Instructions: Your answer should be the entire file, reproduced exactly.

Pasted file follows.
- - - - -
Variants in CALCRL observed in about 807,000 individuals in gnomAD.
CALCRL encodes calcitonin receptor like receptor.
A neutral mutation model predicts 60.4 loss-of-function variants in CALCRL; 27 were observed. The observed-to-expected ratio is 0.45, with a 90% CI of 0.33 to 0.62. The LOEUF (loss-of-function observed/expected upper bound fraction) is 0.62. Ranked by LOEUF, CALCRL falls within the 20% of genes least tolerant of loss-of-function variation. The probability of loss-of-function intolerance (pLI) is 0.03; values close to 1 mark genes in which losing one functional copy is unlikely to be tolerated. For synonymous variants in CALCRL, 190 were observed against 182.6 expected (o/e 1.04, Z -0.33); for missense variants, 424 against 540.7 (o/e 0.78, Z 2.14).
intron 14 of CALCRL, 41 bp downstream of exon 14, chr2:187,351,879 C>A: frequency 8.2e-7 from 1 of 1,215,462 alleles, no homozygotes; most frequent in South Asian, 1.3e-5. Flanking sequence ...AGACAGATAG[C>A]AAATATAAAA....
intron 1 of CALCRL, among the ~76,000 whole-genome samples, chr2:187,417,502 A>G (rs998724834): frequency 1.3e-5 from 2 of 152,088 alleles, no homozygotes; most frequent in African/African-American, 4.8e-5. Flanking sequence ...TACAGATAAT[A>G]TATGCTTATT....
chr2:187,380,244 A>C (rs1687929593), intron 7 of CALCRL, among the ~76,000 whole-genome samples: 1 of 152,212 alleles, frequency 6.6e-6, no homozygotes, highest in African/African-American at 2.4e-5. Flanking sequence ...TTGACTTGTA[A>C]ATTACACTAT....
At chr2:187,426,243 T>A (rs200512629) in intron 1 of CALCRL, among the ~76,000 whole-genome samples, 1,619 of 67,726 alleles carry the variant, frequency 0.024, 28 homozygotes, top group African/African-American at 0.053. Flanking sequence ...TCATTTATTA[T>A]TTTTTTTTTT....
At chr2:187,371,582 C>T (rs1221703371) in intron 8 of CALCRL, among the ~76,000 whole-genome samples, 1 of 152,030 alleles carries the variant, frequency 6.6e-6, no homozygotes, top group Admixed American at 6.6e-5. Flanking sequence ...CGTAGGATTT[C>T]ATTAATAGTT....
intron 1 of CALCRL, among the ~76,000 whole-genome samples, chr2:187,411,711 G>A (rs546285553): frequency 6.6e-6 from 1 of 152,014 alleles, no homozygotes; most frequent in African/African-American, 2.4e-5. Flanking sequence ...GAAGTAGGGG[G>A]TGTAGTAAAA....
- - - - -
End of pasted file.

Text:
Variants in CALCRL observed in about 807,000 individuals in gnomAD.
CALCRL encodes calcitonin receptor like receptor.
A neutral mutation model predicts 60.4 loss-of-function variants in CALCRL; 27 were observed. The observed-to-expected ratio is 0.45, with a 90% CI of 0.33 to 0.62. The LOEUF (loss-of-function observed/expected upper bound fraction) is 0.62. Ranked by LOEUF, CALCRL falls within the 20% of genes least tolerant of loss-of-function variation. The probability of loss-of-function intolerance (pLI) is 0.03; values close to 1 mark genes in which losing one functional copy is unlikely to be tolerated. For synonymous variants in CALCRL, 190 were observed against 182.6 expected (o/e 1.04, Z -0.33); for missense variants, 424 against 540.7 (o/e 0.78, Z 2.14).
intron 14 of CALCRL, 41 bp downstream of exon 14, chr2:187,351,879 C>A: frequency 8.2e-7 from 1 of 1,215,462 alleles, no homozygotes; most frequent in South Asian, 1.3e-5. Flanking sequence ...AGACAGATAG[C>A]AAATATAAAA....
intron 1 of CALCRL, among the ~76,000 whole-genome samples, chr2:187,417,502 A>G (rs998724834): frequency 1.3e-5 from 2 of 152,088 alleles, no homozygotes; most frequent in African/African-American, 4.8e-5. Flanking sequence ...TACAGATAAT[A>G]TATGCTTATT....
chr2:187,380,244 A>C (rs1687929593), intron 7 of CALCRL, among the ~76,000 whole-genome samples: 1 of 152,212 alleles, frequency 6.6e-6, no homozygotes, highest in African/African-American at 2.4e-5. Flanking sequence ...TTGACTTGTA[A>C]ATTACACTAT....
At chr2:187,426,243 T>A (rs200512629) in intron 1 of CALCRL, among the ~76,000 whole-genome samples, 1,619 of 67,726 alleles carry the variant, frequency 0.024, 28 homozygotes, top group African/African-American at 0.053. Flanking sequence ...TCATTTATTA[T>A]TTTTTTTTTT....
At chr2:187,371,582 C>T (rs1221703371) in intron 8 of CALCRL, among the ~76,000 whole-genome samples, 1 of 152,030 alleles carries the variant, frequency 6.6e-6, no homozygotes, top group Admixed American at 6.6e-5. Flanking sequence ...CGTAGGATTT[C>T]ATTAATAGTT....
intron 1 of CALCRL, among the ~76,000 whole-genome samples, chr2:187,411,711 G>A (rs546285553): frequency 6.6e-6 from 1 of 152,014 alleles, no homozygotes; most frequent in African/African-American, 2.4e-5. Flanking sequence ...GAAGTAGGGG[G>A]TGTAGTAAAA....